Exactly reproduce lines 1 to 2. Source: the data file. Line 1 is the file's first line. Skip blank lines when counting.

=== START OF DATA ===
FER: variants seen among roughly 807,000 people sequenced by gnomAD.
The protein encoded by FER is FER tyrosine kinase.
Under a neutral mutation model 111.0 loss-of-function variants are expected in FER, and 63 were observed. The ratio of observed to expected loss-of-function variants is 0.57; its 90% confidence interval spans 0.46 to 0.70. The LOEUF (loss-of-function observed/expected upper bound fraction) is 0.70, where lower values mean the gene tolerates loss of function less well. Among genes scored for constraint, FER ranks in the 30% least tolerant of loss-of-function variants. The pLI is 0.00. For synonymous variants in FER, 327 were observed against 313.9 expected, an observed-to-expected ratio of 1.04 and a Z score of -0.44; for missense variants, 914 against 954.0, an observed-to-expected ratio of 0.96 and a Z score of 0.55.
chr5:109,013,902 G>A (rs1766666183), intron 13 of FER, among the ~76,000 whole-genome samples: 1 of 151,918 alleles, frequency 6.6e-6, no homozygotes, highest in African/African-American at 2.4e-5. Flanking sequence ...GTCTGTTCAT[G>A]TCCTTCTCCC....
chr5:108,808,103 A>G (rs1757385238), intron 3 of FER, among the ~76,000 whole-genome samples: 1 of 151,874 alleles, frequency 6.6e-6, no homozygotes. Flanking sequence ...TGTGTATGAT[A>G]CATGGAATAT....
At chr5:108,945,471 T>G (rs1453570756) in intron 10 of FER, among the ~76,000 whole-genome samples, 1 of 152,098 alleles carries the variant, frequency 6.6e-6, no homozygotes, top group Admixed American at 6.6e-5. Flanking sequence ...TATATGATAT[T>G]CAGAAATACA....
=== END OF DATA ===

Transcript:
FER: variants seen among roughly 807,000 people sequenced by gnomAD.
The protein encoded by FER is FER tyrosine kinase.